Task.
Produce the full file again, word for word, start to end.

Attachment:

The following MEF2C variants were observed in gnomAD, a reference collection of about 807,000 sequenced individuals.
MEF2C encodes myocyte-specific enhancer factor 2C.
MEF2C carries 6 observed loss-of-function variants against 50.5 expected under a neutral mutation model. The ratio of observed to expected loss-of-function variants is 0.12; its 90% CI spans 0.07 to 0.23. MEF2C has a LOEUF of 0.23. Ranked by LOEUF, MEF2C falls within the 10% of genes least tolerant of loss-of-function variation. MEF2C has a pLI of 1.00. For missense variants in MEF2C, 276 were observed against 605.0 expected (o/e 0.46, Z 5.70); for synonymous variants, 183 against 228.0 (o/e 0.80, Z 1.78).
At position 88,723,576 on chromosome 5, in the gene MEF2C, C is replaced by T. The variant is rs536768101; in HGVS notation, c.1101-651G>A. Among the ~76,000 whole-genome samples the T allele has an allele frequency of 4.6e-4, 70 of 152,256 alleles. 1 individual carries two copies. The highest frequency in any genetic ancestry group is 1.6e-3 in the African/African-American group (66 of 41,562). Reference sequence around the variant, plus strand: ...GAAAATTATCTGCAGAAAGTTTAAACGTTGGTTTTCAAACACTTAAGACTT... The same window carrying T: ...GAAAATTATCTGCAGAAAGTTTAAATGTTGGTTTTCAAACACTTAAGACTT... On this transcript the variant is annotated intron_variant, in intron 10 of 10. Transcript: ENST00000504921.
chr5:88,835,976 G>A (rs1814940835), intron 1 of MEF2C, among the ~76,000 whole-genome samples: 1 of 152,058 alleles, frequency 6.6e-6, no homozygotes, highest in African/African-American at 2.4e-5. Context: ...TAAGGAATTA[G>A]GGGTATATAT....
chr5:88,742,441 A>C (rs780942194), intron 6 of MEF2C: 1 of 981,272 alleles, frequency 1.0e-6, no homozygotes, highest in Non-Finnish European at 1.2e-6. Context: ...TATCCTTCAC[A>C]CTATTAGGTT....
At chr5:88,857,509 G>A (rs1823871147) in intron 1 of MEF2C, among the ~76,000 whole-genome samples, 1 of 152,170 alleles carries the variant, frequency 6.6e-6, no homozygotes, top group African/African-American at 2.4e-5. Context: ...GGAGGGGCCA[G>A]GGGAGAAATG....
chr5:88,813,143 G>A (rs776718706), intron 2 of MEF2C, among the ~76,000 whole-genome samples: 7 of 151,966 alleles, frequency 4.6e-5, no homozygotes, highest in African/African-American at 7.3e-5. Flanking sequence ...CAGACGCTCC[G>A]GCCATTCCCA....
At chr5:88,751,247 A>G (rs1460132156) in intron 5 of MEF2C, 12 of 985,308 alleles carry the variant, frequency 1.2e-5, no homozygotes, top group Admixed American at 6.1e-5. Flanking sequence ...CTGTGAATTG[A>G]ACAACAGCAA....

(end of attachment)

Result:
The following MEF2C variants were observed in gnomAD, a reference collection of about 807,000 sequenced individuals.
MEF2C encodes myocyte-specific enhancer factor 2C.
MEF2C carries 6 observed loss-of-function variants against 50.5 expected under a neutral mutation model. The ratio of observed to expected loss-of-function variants is 0.12; its 90% CI spans 0.07 to 0.23. MEF2C has a LOEUF of 0.23. Ranked by LOEUF, MEF2C falls within the 10% of genes least tolerant of loss-of-function variation. MEF2C has a pLI of 1.00. For missense variants in MEF2C, 276 were observed against 605.0 expected (o/e 0.46, Z 5.70); for synonymous variants, 183 against 228.0 (o/e 0.80, Z 1.78).
At position 88,723,576 on chromosome 5, in the gene MEF2C, C is replaced by T. The variant is rs536768101; in HGVS notation, c.1101-651G>A. Among the ~76,000 whole-genome samples the T allele has an allele frequency of 4.6e-4, 70 of 152,256 alleles. 1 individual carries two copies. The highest frequency in any genetic ancestry group is 1.6e-3 in the African/African-American group (66 of 41,562). Reference sequence around the variant, plus strand: ...GAAAATTATCTGCAGAAAGTTTAAACGTTGGTTTTCAAACACTTAAGACTT... The same window carrying T: ...GAAAATTATCTGCAGAAAGTTTAAATGTTGGTTTTCAAACACTTAAGACTT... On this transcript the variant is annotated intron_variant, in intron 10 of 10. Transcript: ENST00000504921.
chr5:88,835,976 G>A (rs1814940835), intron 1 of MEF2C, among the ~76,000 whole-genome samples: 1 of 152,058 alleles, frequency 6.6e-6, no homozygotes, highest in African/African-American at 2.4e-5. Context: ...TAAGGAATTA[G>A]GGGTATATAT....
chr5:88,742,441 A>C (rs780942194), intron 6 of MEF2C: 1 of 981,272 alleles, frequency 1.0e-6, no homozygotes, highest in Non-Finnish European at 1.2e-6. Context: ...TATCCTTCAC[A>C]CTATTAGGTT....
At chr5:88,857,509 G>A (rs1823871147) in intron 1 of MEF2C, among the ~76,000 whole-genome samples, 1 of 152,170 alleles carries the variant, frequency 6.6e-6, no homozygotes, top group African/African-American at 2.4e-5. Context: ...GGAGGGGCCA[G>A]GGGAGAAATG....
chr5:88,813,143 G>A (rs776718706), intron 2 of MEF2C, among the ~76,000 whole-genome samples: 7 of 151,966 alleles, frequency 4.6e-5, no homozygotes, highest in African/African-American at 7.3e-5. Flanking sequence ...CAGACGCTCC[G>A]GCCATTCCCA....
At chr5:88,751,247 A>G (rs1460132156) in intron 5 of MEF2C, 12 of 985,308 alleles carry the variant, frequency 1.2e-5, no homozygotes, top group Admixed American at 6.1e-5. Flanking sequence ...CTGTGAATTG[A>G]ACAACAGCAA....